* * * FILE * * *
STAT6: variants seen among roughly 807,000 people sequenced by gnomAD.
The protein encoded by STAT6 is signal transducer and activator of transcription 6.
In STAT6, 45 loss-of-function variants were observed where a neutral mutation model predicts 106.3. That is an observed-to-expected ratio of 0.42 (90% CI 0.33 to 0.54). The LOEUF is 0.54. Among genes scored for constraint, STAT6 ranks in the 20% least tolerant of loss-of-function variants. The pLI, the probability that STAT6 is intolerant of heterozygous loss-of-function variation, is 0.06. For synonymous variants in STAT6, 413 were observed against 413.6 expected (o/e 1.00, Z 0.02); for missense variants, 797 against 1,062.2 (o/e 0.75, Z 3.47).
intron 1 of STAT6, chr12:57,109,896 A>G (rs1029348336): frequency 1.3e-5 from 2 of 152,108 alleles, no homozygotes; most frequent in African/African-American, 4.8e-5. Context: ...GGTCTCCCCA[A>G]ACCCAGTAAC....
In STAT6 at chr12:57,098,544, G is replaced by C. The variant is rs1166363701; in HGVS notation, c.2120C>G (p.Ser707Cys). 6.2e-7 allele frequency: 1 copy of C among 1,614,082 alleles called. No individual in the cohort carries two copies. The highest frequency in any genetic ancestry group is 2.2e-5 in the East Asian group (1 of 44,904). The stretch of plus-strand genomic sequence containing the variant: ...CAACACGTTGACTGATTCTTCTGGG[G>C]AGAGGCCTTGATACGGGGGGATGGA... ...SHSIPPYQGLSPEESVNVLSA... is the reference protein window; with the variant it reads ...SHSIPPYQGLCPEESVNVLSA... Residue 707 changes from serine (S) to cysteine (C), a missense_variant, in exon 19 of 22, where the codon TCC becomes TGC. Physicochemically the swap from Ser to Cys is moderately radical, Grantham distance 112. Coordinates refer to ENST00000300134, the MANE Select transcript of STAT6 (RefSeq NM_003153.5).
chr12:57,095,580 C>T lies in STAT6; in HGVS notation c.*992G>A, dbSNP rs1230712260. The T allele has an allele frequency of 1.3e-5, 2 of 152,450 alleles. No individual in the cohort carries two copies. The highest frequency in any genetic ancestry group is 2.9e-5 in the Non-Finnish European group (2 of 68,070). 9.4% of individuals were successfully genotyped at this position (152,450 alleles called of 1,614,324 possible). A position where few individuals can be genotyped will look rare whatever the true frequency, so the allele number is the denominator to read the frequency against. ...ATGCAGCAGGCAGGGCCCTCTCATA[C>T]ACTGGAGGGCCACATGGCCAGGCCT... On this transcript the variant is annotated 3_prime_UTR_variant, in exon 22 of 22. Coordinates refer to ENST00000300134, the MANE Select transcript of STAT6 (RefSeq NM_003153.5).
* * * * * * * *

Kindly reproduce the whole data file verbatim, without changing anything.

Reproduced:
STAT6: variants seen among roughly 807,000 people sequenced by gnomAD.
The protein encoded by STAT6 is signal transducer and activator of transcription 6.
In STAT6, 45 loss-of-function variants were observed where a neutral mutation model predicts 106.3. That is an observed-to-expected ratio of 0.42 (90% CI 0.33 to 0.54). The LOEUF is 0.54. Among genes scored for constraint, STAT6 ranks in the 20% least tolerant of loss-of-function variants. The pLI, the probability that STAT6 is intolerant of heterozygous loss-of-function variation, is 0.06. For synonymous variants in STAT6, 413 were observed against 413.6 expected (o/e 1.00, Z 0.02); for missense variants, 797 against 1,062.2 (o/e 0.75, Z 3.47).
intron 1 of STAT6, chr12:57,109,896 A>G (rs1029348336): frequency 1.3e-5 from 2 of 152,108 alleles, no homozygotes; most frequent in African/African-American, 4.8e-5. Context: ...GGTCTCCCCA[A>G]ACCCAGTAAC....
In STAT6 at chr12:57,098,544, G is replaced by C. The variant is rs1166363701; in HGVS notation, c.2120C>G (p.Ser707Cys). 6.2e-7 allele frequency: 1 copy of C among 1,614,082 alleles called. No individual in the cohort carries two copies. The highest frequency in any genetic ancestry group is 2.2e-5 in the East Asian group (1 of 44,904). The stretch of plus-strand genomic sequence containing the variant: ...CAACACGTTGACTGATTCTTCTGGG[G>C]AGAGGCCTTGATACGGGGGGATGGA... ...SHSIPPYQGLSPEESVNVLSA... is the reference protein window; with the variant it reads ...SHSIPPYQGLCPEESVNVLSA... Residue 707 changes from serine (S) to cysteine (C), a missense_variant, in exon 19 of 22, where the codon TCC becomes TGC. Physicochemically the swap from Ser to Cys is moderately radical, Grantham distance 112. Coordinates refer to ENST00000300134, the MANE Select transcript of STAT6 (RefSeq NM_003153.5).
chr12:57,095,580 C>T lies in STAT6; in HGVS notation c.*992G>A, dbSNP rs1230712260. The T allele has an allele frequency of 1.3e-5, 2 of 152,450 alleles. No individual in the cohort carries two copies. The highest frequency in any genetic ancestry group is 2.9e-5 in the Non-Finnish European group (2 of 68,070). 9.4% of individuals were successfully genotyped at this position (152,450 alleles called of 1,614,324 possible). A position where few individuals can be genotyped will look rare whatever the true frequency, so the allele number is the denominator to read the frequency against. ...ATGCAGCAGGCAGGGCCCTCTCATA[C>T]ACTGGAGGGCCACATGGCCAGGCCT... On this transcript the variant is annotated 3_prime_UTR_variant, in exon 22 of 22. Coordinates refer to ENST00000300134, the MANE Select transcript of STAT6 (RefSeq NM_003153.5).